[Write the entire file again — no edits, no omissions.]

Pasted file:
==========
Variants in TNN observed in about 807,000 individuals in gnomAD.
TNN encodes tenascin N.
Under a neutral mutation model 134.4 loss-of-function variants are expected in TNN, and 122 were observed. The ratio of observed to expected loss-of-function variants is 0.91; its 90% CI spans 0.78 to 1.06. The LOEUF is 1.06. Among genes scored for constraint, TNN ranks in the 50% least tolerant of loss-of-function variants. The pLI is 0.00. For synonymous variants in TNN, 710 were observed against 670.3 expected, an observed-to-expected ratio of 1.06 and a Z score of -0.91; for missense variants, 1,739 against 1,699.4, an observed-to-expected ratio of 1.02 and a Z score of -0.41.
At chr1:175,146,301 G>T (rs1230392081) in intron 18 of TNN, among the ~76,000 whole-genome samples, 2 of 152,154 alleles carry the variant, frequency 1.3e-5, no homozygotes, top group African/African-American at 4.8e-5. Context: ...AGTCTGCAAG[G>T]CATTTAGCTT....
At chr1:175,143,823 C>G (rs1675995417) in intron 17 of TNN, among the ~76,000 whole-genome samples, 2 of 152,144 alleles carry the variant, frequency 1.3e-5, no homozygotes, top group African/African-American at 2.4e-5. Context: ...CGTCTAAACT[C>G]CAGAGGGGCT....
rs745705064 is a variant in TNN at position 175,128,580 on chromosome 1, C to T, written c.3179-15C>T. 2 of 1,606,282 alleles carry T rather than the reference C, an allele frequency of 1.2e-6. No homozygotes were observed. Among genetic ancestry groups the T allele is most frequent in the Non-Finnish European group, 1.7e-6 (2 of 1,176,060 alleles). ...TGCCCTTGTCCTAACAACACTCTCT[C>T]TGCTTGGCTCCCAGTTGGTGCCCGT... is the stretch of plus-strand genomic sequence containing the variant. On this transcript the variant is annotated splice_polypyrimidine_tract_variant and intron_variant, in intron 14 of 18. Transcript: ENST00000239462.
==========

Variants in TNN observed in about 807,000 individuals in gnomAD.
TNN encodes tenascin N.
Under a neutral mutation model 134.4 loss-of-function variants are expected in TNN, and 122 were observed. The ratio of observed to expected loss-of-function variants is 0.91; its 90% CI spans 0.78 to 1.06. The LOEUF is 1.06. Among genes scored for constraint, TNN ranks in the 50% least tolerant of loss-of-function variants. The pLI is 0.00. For synonymous variants in TNN, 710 were observed against 670.3 expected, an observed-to-expected ratio of 1.06 and a Z score of -0.91; for missense variants, 1,739 against 1,699.4, an observed-to-expected ratio of 1.02 and a Z score of -0.41.
At chr1:175,146,301 G>T (rs1230392081) in intron 18 of TNN, among the ~76,000 whole-genome samples, 2 of 152,154 alleles carry the variant, frequency 1.3e-5, no homozygotes, top group African/African-American at 4.8e-5. Context: ...AGTCTGCAAG[G>T]CATTTAGCTT....
At chr1:175,143,823 C>G (rs1675995417) in intron 17 of TNN, among the ~76,000 whole-genome samples, 2 of 152,144 alleles carry the variant, frequency 1.3e-5, no homozygotes, top group African/African-American at 2.4e-5. Context: ...CGTCTAAACT[C>G]CAGAGGGGCT....
rs745705064 is a variant in TNN at position 175,128,580 on chromosome 1, C to T, written c.3179-15C>T. 2 of 1,606,282 alleles carry T rather than the reference C, an allele frequency of 1.2e-6. No homozygotes were observed. Among genetic ancestry groups the T allele is most frequent in the Non-Finnish European group, 1.7e-6 (2 of 1,176,060 alleles). ...TGCCCTTGTCCTAACAACACTCTCT[C>T]TGCTTGGCTCCCAGTTGGTGCCCGT... is the stretch of plus-strand genomic sequence containing the variant. On this transcript the variant is annotated splice_polypyrimidine_tract_variant and intron_variant, in intron 14 of 18. Transcript: ENST00000239462.